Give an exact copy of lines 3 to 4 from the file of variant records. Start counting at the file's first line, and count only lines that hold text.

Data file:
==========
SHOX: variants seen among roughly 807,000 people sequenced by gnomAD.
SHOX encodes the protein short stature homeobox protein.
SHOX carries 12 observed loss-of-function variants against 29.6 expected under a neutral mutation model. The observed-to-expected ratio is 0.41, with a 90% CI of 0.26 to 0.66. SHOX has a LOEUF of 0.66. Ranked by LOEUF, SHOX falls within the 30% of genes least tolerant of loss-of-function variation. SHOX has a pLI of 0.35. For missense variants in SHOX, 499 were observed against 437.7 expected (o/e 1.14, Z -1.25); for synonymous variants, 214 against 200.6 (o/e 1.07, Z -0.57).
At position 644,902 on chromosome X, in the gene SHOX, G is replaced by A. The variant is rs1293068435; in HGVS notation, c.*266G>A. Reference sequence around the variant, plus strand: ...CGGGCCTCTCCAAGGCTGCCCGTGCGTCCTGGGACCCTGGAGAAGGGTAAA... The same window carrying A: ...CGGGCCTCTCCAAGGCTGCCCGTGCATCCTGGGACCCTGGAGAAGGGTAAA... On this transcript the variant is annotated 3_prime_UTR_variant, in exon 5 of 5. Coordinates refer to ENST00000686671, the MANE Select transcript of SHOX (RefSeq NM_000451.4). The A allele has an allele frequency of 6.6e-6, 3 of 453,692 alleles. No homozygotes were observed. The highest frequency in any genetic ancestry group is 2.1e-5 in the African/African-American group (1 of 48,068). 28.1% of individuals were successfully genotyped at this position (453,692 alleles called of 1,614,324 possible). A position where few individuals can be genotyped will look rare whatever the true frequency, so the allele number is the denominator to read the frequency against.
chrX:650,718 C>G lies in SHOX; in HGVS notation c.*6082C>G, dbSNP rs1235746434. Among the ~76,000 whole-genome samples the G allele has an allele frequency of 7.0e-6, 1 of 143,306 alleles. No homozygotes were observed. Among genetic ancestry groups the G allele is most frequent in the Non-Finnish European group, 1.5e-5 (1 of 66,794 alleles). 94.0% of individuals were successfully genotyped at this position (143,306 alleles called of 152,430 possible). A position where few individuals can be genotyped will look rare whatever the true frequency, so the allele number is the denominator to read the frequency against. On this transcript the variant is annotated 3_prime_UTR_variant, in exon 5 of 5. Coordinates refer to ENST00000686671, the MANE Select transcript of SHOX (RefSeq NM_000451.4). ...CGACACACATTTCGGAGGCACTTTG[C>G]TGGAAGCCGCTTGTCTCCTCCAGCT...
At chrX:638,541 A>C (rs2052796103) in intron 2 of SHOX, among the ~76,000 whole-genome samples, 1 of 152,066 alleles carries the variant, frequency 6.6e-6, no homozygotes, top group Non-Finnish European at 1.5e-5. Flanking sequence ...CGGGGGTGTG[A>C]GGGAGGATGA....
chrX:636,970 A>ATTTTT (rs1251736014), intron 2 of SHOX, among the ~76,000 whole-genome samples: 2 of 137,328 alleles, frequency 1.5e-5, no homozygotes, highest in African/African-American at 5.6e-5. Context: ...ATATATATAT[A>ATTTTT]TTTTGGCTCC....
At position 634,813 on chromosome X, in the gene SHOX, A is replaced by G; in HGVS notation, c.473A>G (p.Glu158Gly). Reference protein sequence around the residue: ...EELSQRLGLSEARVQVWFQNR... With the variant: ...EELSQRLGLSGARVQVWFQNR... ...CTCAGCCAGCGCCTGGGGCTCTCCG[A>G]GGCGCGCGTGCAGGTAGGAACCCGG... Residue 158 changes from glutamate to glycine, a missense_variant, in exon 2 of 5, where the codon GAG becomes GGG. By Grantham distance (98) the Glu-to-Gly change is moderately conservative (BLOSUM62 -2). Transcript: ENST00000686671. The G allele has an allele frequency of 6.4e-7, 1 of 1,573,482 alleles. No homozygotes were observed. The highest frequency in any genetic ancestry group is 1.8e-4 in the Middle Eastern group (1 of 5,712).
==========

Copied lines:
SHOX carries 12 observed loss-of-function variants against 29.6 expected under a neutral mutation model. The observed-to-expected ratio is 0.41, with a 90% CI of 0.26 to 0.66. SHOX has a LOEUF of 0.66. Ranked by LOEUF, SHOX falls within the 30% of genes least tolerant of loss-of-function variation. SHOX has a pLI of 0.35. For missense variants in SHOX, 499 were observed against 437.7 expected (o/e 1.14, Z -1.25); for synonymous variants, 214 against 200.6 (o/e 1.07, Z -0.57).
At position 644,902 on chromosome X, in the gene SHOX, G is replaced by A. The variant is rs1293068435; in HGVS notation, c.*266G>A. Reference sequence around the variant, plus strand: ...CGGGCCTCTCCAAGGCTGCCCGTGCGTCCTGGGACCCTGGAGAAGGGTAAA... The same window carrying A: ...CGGGCCTCTCCAAGGCTGCCCGTGCATCCTGGGACCCTGGAGAAGGGTAAA... On this transcript the variant is annotated 3_prime_UTR_variant, in exon 5 of 5. Coordinates refer to ENST00000686671, the MANE Select transcript of SHOX (RefSeq NM_000451.4). The A allele has an allele frequency of 6.6e-6, 3 of 453,692 alleles. No homozygotes were observed. The highest frequency in any genetic ancestry group is 2.1e-5 in the African/African-American group (1 of 48,068). 28.1% of individuals were successfully genotyped at this position (453,692 alleles called of 1,614,324 possible). A position where few individuals can be genotyped will look rare whatever the true frequency, so the allele number is the denominator to read the frequency against.